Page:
Brain game websites such as Lumosity could help cancer patients who have had chemotherapy fight off its negative effects.

According to a new study, women whose breast cancer had been treated with chemotherapy showed improved executive function, such as cognitive flexibility, verbal fluency, and processing speed after using Lumosity, the leading online cognitive training program. These improvements also transferred over to the women's everyday executive function and verbal memory.

The researchers split 41 breast cancer survivors into two groups: an active treatment group, which had 21 people, and a 12-week wait-list group, which had 20 people. All participants had a history of breast cancer stages I-III, were at least 40 years old, and were at least 18 months post-chemotherapy in order to allow for neural stabilization.

For 12 weeks, the participants completed a 20-30 minute session of five exercises, four times each week. The exercises included tasks such as switching, mental rotation, working memory, spatial sequencing, word stem completion, route planning, and rule-based puzzle solving. Participants completed a pre-test at the beginning of the program and a post-test at the end of the 12 weeks using psychometrically validated and standardized cognitive tests.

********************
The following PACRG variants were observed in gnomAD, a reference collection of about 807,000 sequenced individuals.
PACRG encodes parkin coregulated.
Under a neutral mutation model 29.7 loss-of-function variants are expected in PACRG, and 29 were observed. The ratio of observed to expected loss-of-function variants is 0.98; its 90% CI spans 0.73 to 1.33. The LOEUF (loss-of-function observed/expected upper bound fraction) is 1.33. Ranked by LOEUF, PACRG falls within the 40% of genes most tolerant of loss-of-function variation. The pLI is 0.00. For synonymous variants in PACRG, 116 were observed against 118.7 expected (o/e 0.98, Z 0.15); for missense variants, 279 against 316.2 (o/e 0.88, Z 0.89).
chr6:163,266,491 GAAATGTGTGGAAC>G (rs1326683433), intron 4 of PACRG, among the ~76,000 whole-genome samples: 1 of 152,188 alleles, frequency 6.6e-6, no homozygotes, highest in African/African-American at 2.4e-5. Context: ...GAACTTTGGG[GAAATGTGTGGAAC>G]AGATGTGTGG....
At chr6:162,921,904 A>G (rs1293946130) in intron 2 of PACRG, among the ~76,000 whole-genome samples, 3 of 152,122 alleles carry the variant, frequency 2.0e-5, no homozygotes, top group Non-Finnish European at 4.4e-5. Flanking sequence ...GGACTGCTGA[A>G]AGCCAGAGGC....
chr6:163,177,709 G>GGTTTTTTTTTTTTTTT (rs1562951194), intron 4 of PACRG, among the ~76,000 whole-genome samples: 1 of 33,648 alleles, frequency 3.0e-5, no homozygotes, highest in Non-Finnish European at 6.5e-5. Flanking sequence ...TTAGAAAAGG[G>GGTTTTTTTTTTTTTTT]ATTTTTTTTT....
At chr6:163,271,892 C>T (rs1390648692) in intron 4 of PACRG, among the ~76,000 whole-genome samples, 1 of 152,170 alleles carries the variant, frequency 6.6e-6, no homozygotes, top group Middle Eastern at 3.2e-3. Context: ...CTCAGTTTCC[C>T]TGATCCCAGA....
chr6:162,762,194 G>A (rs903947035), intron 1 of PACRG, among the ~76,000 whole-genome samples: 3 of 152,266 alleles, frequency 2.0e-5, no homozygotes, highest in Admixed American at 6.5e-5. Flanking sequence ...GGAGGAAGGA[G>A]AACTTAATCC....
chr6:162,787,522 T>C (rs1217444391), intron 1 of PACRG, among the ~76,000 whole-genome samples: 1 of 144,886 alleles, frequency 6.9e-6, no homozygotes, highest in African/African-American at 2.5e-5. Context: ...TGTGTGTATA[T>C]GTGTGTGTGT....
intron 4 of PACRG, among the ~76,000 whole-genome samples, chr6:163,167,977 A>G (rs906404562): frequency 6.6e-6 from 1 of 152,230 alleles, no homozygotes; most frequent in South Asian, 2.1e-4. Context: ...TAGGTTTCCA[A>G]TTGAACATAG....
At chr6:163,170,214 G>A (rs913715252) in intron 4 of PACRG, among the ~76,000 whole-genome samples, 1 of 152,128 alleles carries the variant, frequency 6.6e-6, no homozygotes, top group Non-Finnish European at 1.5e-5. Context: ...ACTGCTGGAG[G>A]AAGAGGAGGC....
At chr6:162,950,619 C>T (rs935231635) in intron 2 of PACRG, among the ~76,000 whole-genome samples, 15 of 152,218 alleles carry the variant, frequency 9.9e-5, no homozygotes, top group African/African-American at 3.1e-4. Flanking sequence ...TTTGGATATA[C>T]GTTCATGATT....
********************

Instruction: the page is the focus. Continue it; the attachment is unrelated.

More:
The results showed significantly larger gains in executive function, word finding, and processing speed; a progressive improvement in verbal memory, and a reduction in self-rated symptoms of everyday function problems for the active treatment group when compared to the waitlist group, who had no training at all.

Chemotherapy has been shown to change the brain's structure and impair brain function, including a person's memory, processing speed and attention. Up to 75 percent of women who have undergone chemotherapy for breast cancer experienced long-term cognitive deficits that reduced their quality of life

"The most common quality-of-life complaint from breast cancer survivors is the cognitive effect of cancer treatments," Joe Hardy, Vice President of Research & Development at Lumosity, said in a press release. "These results are interesting because they suggest that online cognitive training shows promise as an intervention for cognitive difficulties in breast cancer survivors, and even long-term survivors can benefit."

The study, led by Dr. Shelli Kesler, assistant professor of psychiatry and behavioral sciences at Stanford University, will appear in the May online edition of Clinical Breast Cancer.

Lumosity's research program, the Human Cognition Project, supports both experimental research, in which researchers design and conduct studies on the effects of computerized cognitive training, and observational research, where collaborators explore data from Lumosity's database.

"We're committed to helping people from all walks of life improve their core cognitive abilities, and we're excited that this study has shown very promising results for real-world clinical application of cognitive training for cancer survivors," Hardy said.

Source: Kesler S., Hosseini S.M.H., Heckler C., Janelsins M., Palesh O., Mustian K., Morrow G. Cognitive Training for Improving Executive Function in Chemotherapy-Treated Breast Cancer Survivors. Clinical Breast Cancer. May 2013. Accessed May 14, 2013.